We are likely to use about two million litres of white emulsion over Easter, according to B&Q estimates, as we make a determined effort to love DIY — a brief affair for most of us.
Those who know about these things say we’ll spend at least 10 hours on Easter DIY, with painting topping the chart followed by the slightly more skilled wallpapering, very skilled shelf-building and maddening furniture assembly from those kits with a screw missing. Then come the jobs you can do on your own — because by then you won’t be talking to your partner — such as filling in cracks and repainting the finger-dirty dado rails and skirting boards.
As most of us only dabble in DIY but are expert at shopping, the best way through this tricky long weekend is to find stores with professionals who are enthusiastic about the proper way to roller your ceiling white. If the queue is too long at the expert’s counter, pick up the very impressive leaflets at Homebase, or visit B&Q at www.diy.com. There are step-by-step guides on our own website too.
“It’s amazing what you can do in four days,” says builder Stephen Worrall, at www.diyfixit.co.uk (guides/resources for newbies and the nonchalant alike). “Do your homework first. Read the books and leaflets and get prepared. Rent, buy or borrow the right tools and get the materials in so you don’t waste valuable time.”
Here are five jobs that make an instant difference, and which, according to Worrall, anyone can master:
1. Repaint the front door. “Nothing smartens up a home so much”. Sand down well and use a high-gloss top coat for a great finish.
2. Upgrade your security. It’s not difficult, just get out your screwdriver and replace locks, add a letterbox cover, check the security of the front door and window frames, and while you’re at it clean windows and wash the curtains.
3. Retile the bathroom. “Straight-forward if you tile over the old ones and use a good-quality cutting tool”.
4. Wallpapering. Back in fashion and easy with “paste-the-wall” papers.
5. Paint a piece of furniture. “Very satisfying” — whether cupboard, chair or toybox, bring wood back to life.
Paper for idiots
The big British wallpaper brand Graham & Brown pioneered paste-the-wall papers. You can see the huge choice and buy on line when you visit www.grahambrown.com.
For a moment of joy go to Harrods for inspiration where their Alice In Wonderland windows are full of Sanderson’s glorious new wallpaper/fabrics celebrating its 150 years — with all the books inside, in revamped furnishing departments with great colour coding ideas.
Trendy and green kits
Superstores have the best instant supplies. Trendiest are Homebase at Kensington and B&Q at Wandsworth and Chiswick, with Laurence Llewelyn-Bowen wallpaper.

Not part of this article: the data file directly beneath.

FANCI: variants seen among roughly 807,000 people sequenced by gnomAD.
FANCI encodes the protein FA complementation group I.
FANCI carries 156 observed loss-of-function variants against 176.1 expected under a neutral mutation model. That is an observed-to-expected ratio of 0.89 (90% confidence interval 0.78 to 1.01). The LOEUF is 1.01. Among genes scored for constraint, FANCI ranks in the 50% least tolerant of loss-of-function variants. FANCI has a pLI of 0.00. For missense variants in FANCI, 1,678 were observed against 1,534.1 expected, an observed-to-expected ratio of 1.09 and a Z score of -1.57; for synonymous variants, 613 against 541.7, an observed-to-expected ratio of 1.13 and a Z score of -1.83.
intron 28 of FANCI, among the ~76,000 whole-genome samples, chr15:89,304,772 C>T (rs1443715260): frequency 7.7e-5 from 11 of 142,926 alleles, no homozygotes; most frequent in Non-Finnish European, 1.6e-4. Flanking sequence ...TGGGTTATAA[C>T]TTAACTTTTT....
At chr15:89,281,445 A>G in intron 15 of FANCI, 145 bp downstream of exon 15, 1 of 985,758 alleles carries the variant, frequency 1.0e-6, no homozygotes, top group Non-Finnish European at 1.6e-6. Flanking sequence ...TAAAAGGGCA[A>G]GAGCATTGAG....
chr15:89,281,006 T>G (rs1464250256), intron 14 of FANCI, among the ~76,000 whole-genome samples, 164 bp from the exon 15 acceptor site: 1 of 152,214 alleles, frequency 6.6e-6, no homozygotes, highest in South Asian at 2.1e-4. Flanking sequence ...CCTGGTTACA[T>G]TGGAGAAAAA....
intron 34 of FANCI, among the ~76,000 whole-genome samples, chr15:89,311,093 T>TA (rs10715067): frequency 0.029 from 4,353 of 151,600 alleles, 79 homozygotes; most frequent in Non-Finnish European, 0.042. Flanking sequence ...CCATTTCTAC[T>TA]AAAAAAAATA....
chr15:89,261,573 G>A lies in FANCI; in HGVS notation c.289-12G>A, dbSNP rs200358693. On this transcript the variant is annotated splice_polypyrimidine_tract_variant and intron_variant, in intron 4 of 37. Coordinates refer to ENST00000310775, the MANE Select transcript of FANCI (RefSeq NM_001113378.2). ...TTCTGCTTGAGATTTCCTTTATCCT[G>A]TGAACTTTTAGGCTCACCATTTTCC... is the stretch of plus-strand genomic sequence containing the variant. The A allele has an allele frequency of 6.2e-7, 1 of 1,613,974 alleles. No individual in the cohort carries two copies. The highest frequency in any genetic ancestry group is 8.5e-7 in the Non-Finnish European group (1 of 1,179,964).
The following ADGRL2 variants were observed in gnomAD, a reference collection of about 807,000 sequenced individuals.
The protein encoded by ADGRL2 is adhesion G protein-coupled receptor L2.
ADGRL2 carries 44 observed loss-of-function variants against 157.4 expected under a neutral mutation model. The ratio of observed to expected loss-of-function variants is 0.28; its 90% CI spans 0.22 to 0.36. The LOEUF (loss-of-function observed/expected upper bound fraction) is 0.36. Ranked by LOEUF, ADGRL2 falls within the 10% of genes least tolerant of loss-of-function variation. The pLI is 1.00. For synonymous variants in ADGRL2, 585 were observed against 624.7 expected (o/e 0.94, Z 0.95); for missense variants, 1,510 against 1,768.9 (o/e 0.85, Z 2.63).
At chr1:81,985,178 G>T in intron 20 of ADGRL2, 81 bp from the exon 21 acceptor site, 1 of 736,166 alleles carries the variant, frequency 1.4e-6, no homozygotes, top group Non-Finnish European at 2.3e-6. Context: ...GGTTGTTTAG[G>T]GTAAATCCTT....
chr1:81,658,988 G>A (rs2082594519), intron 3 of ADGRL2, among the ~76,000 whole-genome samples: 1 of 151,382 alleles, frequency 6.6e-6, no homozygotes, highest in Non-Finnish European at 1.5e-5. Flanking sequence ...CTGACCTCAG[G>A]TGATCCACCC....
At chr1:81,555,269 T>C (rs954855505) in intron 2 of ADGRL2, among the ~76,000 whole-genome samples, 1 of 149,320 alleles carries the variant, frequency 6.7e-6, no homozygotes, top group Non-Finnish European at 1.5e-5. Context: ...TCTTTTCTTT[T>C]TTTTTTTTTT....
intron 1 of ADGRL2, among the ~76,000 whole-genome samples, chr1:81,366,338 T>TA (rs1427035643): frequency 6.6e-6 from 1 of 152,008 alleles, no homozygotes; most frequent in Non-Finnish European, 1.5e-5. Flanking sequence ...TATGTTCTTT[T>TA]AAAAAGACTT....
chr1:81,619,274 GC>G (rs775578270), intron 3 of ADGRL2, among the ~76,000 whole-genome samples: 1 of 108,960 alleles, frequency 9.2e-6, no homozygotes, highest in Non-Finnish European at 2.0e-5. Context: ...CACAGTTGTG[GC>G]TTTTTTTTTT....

For green makeovers it’s got to be B&Q at New Malden and Sutton, both with just-opened “eco shops within shops” for a handy concentration of energy-savers that will help your wallet, too. Indeed, “green” is paint’s new mantra (even mass-market Crown and Dulux are pushing it) but actually, a stringent law in force from January means all paint must be environmentally okay.
Top people’s paint makers
Farrow & Ball
Farrow & Ball showrooms are always inspiring. Their assistants will offer good free colour advice, explain the myriad of paint types to you, let you luxuriate in their colour-chart ideas, and if you make an appointment, a colour consultant will come to your home (for a fee of £150 an hour).
Battersea now has its own shop at 146 Northcote Road, SW11 (020 7228 6578).They are also in Islington, Marylebone, Hampstead and Richmond.
London’s Mr Paint — Patrick Baty — will close his Chelsea family paint specialists for Easter but it’s worth a visit when he opens for unrivalled colour-matching and historical colours (www.papers-paints.co.uk).
Take a cruise
Tour London’s shops and showrooms, to collect ideas and advice.
Try John Lewis. Its “furnishing advisers” are in Oxford Street, Peter Jones, Brent Cross and Kingston. For a chat, make an appointment at www.johnlewis.com/ furnishingadvice, or call 0845 604 9049. Marks & Spencerat Marble Arch has fab furnishings. The assistants are helpful and they do wallpapers and curtains to take away. Then, just 10 minutes’ walk away is Liberty (Great Marlborough Street, W1; 020 7734 1234; www.liberty.co.uk), which is stashed with amazing wallpaper books by individual makers you won’t find elsewhere.
Tile style, bathroom heaven
Showrooms with stunning displays are worth a special trek because you see sophisticated products in-situ — like the super-thin “eco” tiles in metallic finishes at Surfacein Islington (020 7354 7000) and Battersea (020 7819 2300; www.surfacetiles.com). And CP Hart(020 7902 5250; www.cphart.co.uk) has exciting settings under the arches at Waterloo.
Wander to Westfield
Stroll over to Westfield, W12, to the Laura Ashley Homeroom (0871 230 2301; www.lauraashley.com), with its stash of sample books, swatches and much more.
Also, find Designers at Debenhams (www.debenhams.com) with homewares by Jasper Conran, John Rocha, etc; Linea Home at House of Fraser (www.houseoffraser.co.uk), and lots of good-looking low-cost design exclusives at Zara Home (www.zarahome.com), M&S (www.marksandspencer.com) and Next (www.next.co.uk). Plus, there’s Dwell (dwell.co.uk), The White Company (www.thewhitecompany.com), Descamps (www.descamps.co.uk), and Alessi (www.alessi.co.uk). And a Conran pop-up shop opens today until 6 June for the Well Considered range of brilliant basics (www.wellconsidered.com).
Ideal Home has it all
If a big outing, as traditional as an Easter Egg hunt, is on the cards then there is nothing that cannot be found for DIY at the Ideal Home Exhibition at Earls Court (supported by Homes & Property). Its four “theatres” include the House of the Future, and there will be non-stop advice, workshops and demos from the experts.